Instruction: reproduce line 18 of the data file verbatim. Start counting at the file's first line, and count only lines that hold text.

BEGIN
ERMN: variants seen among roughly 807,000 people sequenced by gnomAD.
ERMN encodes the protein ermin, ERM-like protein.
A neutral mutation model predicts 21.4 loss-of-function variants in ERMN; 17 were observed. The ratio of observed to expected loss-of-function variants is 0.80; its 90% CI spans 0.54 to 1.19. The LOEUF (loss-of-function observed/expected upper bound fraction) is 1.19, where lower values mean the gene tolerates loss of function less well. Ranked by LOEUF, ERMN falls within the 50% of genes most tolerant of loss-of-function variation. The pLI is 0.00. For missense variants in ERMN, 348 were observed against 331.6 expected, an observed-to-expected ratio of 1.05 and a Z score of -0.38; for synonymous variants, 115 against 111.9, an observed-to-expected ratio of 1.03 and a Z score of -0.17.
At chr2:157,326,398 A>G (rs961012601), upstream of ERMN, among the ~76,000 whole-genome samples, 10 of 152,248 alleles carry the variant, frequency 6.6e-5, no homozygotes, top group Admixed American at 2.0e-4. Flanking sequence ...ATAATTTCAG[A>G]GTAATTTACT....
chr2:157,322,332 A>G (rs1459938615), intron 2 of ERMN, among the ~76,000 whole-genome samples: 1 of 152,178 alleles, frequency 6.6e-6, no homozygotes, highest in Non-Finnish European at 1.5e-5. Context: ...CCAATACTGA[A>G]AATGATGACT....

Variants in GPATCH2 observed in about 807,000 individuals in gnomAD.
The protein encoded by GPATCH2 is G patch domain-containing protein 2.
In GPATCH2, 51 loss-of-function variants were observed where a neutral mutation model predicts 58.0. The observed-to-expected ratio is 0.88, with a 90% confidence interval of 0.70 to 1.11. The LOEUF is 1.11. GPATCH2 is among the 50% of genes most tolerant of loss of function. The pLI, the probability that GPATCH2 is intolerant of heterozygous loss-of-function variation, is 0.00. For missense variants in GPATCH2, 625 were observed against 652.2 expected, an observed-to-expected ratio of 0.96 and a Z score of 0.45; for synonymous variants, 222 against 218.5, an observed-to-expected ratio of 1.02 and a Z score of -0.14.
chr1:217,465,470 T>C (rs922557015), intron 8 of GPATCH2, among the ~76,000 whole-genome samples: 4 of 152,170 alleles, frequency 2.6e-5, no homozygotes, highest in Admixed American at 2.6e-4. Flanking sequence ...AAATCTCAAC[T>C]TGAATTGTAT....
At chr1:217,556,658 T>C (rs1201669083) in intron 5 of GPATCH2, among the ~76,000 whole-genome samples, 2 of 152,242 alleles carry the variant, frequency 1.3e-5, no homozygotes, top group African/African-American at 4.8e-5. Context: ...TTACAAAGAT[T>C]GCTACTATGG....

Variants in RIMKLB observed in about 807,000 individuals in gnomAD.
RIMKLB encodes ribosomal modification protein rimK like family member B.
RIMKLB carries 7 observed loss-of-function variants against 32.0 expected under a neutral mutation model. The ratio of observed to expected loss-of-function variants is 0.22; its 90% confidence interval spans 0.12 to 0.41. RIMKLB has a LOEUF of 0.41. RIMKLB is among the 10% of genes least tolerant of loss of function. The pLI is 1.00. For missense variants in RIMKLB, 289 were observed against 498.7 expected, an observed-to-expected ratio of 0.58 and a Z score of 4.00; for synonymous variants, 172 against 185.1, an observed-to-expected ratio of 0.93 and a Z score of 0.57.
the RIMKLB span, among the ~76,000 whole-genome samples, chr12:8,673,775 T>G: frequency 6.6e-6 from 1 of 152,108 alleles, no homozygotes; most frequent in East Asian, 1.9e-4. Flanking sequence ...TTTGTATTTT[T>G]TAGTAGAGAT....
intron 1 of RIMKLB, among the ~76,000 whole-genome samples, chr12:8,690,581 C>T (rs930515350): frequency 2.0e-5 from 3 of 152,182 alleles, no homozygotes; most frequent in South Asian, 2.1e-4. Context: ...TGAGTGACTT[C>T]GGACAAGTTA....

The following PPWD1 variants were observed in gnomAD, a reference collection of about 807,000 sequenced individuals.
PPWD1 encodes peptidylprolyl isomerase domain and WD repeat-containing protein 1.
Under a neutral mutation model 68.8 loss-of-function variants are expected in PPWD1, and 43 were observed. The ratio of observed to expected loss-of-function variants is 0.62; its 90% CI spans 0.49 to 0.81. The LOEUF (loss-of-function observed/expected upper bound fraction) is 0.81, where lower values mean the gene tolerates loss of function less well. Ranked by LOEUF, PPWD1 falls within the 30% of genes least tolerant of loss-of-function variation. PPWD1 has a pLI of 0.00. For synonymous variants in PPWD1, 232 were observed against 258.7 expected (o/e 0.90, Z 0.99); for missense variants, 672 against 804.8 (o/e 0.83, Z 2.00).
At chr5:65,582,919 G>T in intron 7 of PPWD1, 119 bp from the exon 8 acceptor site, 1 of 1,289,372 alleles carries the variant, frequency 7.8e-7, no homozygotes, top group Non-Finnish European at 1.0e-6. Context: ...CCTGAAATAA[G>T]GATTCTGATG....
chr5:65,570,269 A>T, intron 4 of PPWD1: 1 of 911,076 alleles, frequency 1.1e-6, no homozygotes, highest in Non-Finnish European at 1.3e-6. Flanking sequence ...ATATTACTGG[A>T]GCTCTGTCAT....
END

Under a neutral mutation model 68.8 loss-of-function variants are expected in PPWD1, and 43 were observed. The ratio of observed to expected loss-of-function variants is 0.62; its 90% CI spans 0.49 to 0.81. The LOEUF (loss-of-function observed/expected upper bound fraction) is 0.81, where lower values mean the gene tolerates loss of function less well. Ranked by LOEUF, PPWD1 falls within the 30% of genes least tolerant of loss-of-function variation. PPWD1 has a pLI of 0.00. For synonymous variants in PPWD1, 232 were observed against 258.7 expected (o/e 0.90, Z 0.99); for missense variants, 672 against 804.8 (o/e 0.83, Z 2.00).